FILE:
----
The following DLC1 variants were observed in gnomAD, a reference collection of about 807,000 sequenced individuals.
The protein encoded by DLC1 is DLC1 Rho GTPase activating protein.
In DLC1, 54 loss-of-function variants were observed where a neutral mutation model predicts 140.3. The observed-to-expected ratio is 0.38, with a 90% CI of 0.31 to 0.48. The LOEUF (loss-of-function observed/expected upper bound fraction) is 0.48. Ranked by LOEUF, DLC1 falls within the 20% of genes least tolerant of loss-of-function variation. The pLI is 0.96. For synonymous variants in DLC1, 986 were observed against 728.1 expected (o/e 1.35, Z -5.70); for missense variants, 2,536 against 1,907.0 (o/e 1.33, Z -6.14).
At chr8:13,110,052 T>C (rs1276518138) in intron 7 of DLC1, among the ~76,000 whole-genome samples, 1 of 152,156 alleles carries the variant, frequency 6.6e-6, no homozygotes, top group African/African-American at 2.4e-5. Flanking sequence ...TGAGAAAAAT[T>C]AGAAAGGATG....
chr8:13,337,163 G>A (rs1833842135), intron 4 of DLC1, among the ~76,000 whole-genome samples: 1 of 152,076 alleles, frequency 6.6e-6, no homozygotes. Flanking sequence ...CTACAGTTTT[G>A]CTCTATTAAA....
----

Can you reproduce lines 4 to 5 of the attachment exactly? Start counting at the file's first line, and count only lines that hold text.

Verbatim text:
At chr8:13,110,052 T>C (rs1276518138) in intron 7 of DLC1, among the ~76,000 whole-genome samples, 1 of 152,156 alleles carries the variant, frequency 6.6e-6, no homozygotes, top group African/African-American at 2.4e-5. Flanking sequence ...TGAGAAAAAT[T>C]AGAAAGGATG....
chr8:13,337,163 G>A (rs1833842135), intron 4 of DLC1, among the ~76,000 whole-genome samples: 1 of 152,076 alleles, frequency 6.6e-6, no homozygotes. Flanking sequence ...CTACAGTTTT[G>A]CTCTATTAAA....